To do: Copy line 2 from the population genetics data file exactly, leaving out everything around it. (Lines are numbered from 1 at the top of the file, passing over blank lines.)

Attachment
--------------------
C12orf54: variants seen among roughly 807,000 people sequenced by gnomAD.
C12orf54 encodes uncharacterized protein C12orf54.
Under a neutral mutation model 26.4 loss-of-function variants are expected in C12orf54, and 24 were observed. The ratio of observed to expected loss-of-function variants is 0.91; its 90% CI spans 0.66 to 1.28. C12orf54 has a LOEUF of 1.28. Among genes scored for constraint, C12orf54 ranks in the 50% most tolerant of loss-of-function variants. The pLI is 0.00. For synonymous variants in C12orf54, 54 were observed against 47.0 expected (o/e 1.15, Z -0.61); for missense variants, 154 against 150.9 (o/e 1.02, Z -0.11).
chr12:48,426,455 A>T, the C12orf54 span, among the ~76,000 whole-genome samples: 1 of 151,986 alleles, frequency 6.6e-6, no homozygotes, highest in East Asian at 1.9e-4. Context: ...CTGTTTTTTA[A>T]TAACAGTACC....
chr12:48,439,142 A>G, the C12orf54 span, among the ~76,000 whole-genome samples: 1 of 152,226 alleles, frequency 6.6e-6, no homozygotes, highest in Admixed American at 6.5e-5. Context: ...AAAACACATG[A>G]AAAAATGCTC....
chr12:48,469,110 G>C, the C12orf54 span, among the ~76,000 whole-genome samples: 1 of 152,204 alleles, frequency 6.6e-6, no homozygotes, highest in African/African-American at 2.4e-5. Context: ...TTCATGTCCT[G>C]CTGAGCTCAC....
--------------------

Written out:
C12orf54 encodes uncharacterized protein C12orf54.